(Pain-Related Lost Productivity) Researchers used data from the American Productivity Audit to measure lost productivity in the US due to common pain conditions. In an article published in the Journal of the American Medical Association in 2003, they reported that "Overall, the estimated $61.2 billion per year in pain-related lost productive time in our study accounts for 27% of the total estimated work-related cost of pain conditions in the US workforce."
(Chronic Pain Severity and Control) "Chronic pain sufferers currently taking narcotic pain relievers differ from other chronic pain sufferers as to the severity of their pain, being less likely to have it under control, changing doctors more often, requiring more intensive treatment at hospitals, taking more pills per day, more likely following their doctors prescribed regimen and lastly, to being referred to a specialized program/clinic for their pain."
(Self-Medication with Alcohol) "A small, but significant, percent of chronic pain sufferers have at one time or another turned to alcohol for relief; this occurred more often among middle age adults and men."
(Alternative Therapies) "Medical therapies are not providing sufficient relief, since the majority of chronic pain sufferers, especially those with severe pain, have also turned to non-medicinal therapies. The primary one is a hot/cold pack.
(Reasons for Changing Doctors) "Chronic pain sufferers are having difficulty in finding doctors who can effectively treat their pain, since almost one half have changed doctors since their pain began; almost a fourth have made at least 3 changes. The primary reasons for a change are the doctor not taking their pain seriously enough, the doctor's unwillingness to treat it aggressively, the doctor's lack of knowledge about pain and the fact they still had too much pain.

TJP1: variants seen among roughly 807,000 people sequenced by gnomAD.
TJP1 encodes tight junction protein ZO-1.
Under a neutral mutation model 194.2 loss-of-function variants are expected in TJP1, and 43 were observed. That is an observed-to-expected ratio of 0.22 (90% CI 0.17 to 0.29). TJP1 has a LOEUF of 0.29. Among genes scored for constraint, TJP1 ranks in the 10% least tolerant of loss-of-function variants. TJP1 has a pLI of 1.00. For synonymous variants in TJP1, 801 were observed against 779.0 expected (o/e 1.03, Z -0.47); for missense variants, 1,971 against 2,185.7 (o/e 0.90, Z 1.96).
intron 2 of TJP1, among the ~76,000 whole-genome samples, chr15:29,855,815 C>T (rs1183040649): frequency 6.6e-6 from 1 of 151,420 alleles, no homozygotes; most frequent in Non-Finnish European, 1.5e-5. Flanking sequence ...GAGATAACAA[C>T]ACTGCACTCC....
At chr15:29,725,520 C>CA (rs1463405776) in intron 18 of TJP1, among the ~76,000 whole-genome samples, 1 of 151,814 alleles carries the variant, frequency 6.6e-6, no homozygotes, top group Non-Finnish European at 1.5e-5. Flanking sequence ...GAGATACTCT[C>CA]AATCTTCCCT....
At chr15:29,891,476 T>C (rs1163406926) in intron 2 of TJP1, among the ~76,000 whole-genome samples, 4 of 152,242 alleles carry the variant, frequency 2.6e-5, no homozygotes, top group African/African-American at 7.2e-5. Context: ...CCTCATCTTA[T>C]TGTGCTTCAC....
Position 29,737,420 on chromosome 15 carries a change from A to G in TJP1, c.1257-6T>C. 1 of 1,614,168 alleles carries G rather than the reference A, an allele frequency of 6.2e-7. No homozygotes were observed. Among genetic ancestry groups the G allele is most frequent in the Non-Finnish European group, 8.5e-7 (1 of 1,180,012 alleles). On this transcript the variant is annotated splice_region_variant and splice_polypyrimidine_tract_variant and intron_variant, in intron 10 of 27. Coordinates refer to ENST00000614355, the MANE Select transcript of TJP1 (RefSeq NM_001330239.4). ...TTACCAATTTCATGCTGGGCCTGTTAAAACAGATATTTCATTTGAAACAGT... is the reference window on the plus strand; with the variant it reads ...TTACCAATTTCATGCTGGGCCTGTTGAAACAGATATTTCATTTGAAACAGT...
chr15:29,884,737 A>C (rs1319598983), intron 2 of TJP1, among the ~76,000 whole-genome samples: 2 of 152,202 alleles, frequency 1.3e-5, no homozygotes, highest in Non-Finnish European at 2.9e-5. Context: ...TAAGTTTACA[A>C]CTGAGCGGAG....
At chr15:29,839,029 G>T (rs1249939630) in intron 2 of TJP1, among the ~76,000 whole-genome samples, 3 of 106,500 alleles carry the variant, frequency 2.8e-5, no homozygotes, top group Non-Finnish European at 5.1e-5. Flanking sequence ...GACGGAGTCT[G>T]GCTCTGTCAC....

(Likelihood of Seeing a Physician for Pain) "Almost all chronic pain sufferers have gone to a doctor for relief of their pain at one time or another. Almost 4 of every 10 are not currently doing so, since they think either there is nothing more a doctor can do or in one way or another their pain is under control or they can deal with it themselves.
(Getting Pain Under Control) "Just over one-half of chronic pain sufferers say their pain is pretty much under control. But, this can be attributed primarily to those with moderate pain. The majority of those with the most severe pain do not have it under control and among those who do, it took almost half of them over a year to reach that point. In contrast, 7 of every 10 with moderate pain say they have it under control and it took the majority less than a year to reach that point. Pain can become more severe even when it is under control.
(Prevalence of Chronic Pain) According to a survey conducted by Roper Starch Worldwide for the American Pain Society in 1999, "Chronic pain as defined by this study is a severe and ever present problem. It can be as much of a problem to middle age adults as seniors and is one women are more likely to face than men. The majority of chronic pain sufferers have been living with their pain for over 5 years. Although the more common type is pain that flares up frequently versus being constant, it is still present on average almost 6 days in a typical week.